The dual GPU system implemented in Apple's new MacBook Pro notebooks is not Nvidia's Optimus technology, it has emerged.
Instead, Apple uses multiplexer (mux) hardware to switch the output to the screen between the processor-integrated graphics core and the discrete Nvidia GPU, we hear.
Like Optimus, the switch is triggered in software by Mac OS X which monitors when frameworks that require GPU acceleration come in to play. At that point, it powers down the IGP and powers up the GPU.
We haven't seen the new MacBook Pros yet, so we can't say if Apple has eliminated the usual screen flicker that takes place when one graphics core's output halts and another's begins to be fed to the display through the mux.
Optimus is a more elegant solution. It abolishes the need - and cost - of mux hardware by feeding the GPU output straight into the IGP's frame buffer. That means it can be switched in at will without screen flicker. The switch takes place automatically according to need, as measured by Nvidia's middleware, which monitors which applications the user is running.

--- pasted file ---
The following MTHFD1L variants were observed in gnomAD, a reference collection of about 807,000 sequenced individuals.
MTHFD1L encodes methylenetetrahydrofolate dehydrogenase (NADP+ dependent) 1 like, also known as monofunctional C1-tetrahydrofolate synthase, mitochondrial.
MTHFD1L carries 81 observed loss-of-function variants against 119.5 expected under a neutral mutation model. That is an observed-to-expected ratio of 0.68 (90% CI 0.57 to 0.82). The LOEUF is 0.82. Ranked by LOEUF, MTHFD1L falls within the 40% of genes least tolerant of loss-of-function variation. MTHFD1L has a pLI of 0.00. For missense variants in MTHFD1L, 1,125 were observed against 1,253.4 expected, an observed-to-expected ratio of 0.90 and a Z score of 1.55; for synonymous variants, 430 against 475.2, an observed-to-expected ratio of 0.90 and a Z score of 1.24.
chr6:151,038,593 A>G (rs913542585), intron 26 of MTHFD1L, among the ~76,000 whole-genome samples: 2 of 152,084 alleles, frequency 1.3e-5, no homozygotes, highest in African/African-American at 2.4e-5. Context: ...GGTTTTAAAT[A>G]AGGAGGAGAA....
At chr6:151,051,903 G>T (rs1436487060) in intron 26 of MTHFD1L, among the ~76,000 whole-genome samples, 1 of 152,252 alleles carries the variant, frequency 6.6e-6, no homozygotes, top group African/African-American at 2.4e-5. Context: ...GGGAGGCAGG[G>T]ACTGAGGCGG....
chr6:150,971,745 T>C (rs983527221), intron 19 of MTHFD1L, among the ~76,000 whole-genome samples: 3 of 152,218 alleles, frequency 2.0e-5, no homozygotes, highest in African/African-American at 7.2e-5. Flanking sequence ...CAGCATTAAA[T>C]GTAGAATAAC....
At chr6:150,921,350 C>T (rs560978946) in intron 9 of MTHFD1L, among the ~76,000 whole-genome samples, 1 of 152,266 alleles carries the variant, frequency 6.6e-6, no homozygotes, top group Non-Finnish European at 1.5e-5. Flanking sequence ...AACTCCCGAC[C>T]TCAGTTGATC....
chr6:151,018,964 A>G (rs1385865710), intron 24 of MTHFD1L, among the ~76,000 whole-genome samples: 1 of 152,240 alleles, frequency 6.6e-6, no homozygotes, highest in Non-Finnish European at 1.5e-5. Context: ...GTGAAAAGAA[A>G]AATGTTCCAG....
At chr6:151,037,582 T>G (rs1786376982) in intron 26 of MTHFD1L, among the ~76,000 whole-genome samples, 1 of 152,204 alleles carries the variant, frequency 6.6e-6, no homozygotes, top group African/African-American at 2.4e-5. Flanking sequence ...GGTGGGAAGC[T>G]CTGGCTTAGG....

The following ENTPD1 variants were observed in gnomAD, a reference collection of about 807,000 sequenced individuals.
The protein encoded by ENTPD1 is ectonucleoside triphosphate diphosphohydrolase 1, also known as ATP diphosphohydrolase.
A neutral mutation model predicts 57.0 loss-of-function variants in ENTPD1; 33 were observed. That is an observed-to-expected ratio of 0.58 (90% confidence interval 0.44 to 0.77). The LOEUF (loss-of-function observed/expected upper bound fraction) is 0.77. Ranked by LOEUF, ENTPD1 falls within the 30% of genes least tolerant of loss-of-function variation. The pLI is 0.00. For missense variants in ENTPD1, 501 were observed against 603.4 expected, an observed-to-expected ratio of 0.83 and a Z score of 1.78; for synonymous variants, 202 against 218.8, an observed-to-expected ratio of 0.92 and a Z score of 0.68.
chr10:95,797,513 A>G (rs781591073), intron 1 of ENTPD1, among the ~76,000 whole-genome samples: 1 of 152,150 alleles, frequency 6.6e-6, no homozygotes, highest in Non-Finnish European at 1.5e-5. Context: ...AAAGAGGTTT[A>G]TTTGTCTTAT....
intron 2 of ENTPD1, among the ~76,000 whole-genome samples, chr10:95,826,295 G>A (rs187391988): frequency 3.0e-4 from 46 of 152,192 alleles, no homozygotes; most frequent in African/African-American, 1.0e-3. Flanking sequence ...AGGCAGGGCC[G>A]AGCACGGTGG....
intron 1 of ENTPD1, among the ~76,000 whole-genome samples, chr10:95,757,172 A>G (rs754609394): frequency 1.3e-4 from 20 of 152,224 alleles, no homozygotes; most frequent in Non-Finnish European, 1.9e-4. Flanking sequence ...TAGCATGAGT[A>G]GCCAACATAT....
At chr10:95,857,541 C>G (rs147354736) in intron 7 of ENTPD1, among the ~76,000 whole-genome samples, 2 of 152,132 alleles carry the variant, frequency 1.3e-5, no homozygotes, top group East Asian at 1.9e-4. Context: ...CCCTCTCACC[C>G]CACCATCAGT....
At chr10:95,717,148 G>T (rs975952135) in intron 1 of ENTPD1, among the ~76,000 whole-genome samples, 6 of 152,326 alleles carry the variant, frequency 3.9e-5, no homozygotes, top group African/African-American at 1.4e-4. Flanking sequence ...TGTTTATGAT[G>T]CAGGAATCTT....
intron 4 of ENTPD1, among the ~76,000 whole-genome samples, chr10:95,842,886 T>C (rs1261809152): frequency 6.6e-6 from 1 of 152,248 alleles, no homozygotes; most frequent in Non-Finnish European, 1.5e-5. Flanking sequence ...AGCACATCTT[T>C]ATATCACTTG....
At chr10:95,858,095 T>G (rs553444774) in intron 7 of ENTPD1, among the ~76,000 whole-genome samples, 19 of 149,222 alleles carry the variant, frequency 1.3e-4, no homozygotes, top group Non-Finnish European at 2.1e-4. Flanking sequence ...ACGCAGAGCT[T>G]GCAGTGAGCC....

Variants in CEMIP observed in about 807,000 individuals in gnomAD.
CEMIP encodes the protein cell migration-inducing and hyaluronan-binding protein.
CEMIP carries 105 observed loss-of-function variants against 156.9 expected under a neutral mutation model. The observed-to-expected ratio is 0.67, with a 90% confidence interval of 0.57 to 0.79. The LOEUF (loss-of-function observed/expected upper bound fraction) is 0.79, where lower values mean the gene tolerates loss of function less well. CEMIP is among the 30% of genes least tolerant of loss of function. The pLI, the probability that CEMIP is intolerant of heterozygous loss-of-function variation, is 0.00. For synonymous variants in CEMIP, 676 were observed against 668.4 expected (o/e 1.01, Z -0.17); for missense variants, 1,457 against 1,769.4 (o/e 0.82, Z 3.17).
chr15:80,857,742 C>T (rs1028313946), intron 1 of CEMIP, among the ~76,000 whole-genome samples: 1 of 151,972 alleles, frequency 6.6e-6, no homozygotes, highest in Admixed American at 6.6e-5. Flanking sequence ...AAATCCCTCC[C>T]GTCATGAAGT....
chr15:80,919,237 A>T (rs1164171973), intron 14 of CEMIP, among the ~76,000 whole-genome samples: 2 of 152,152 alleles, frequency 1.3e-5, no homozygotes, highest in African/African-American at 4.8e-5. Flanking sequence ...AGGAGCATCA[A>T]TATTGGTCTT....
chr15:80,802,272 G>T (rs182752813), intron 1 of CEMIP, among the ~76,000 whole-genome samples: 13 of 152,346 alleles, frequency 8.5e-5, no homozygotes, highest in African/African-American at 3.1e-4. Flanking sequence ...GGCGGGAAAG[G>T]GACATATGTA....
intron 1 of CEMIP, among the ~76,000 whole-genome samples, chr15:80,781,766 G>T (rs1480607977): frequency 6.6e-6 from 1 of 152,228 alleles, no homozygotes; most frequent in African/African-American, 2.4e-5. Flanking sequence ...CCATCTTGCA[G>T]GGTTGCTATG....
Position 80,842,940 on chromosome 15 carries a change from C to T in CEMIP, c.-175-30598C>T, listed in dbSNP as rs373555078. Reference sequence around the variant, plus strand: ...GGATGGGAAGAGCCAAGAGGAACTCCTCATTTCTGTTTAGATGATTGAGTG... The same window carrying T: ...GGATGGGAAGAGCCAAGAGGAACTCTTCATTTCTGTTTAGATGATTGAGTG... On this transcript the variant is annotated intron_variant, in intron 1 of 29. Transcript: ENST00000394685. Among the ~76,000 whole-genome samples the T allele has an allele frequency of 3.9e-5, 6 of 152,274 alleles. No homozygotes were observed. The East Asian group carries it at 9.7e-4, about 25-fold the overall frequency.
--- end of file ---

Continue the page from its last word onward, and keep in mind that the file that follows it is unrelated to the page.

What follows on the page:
The effect is the same: increased battery life because the IGP is running more of the time than the GPU is. Ars Technica, which spoke to Apple about the technology, notes that, unlike Optimus, Mac OS X powers down the IGP when it's not in use - Optimus can't do this because it uses the IGP as a display controller - and that this boosts battery life.
We'd note, though, that the GPU's power drain is likely to outweigh any advantage from switching off the IGP. The real gain comes from turning off the discrete graphics whenever possible.
Ars does usefully reveal that Mac OS X's monitoring system is triggered by the use of OpenGL, Core Graphics, Quartz Composer and the like. These frameworks are also used by the OS simply to handle the UI, so it would be interesting to learn exactly how Apple distinguishes between software than needs the GPU - a game, say - and software whose graphics and compositing requirements can be satisfied by the IGP. ®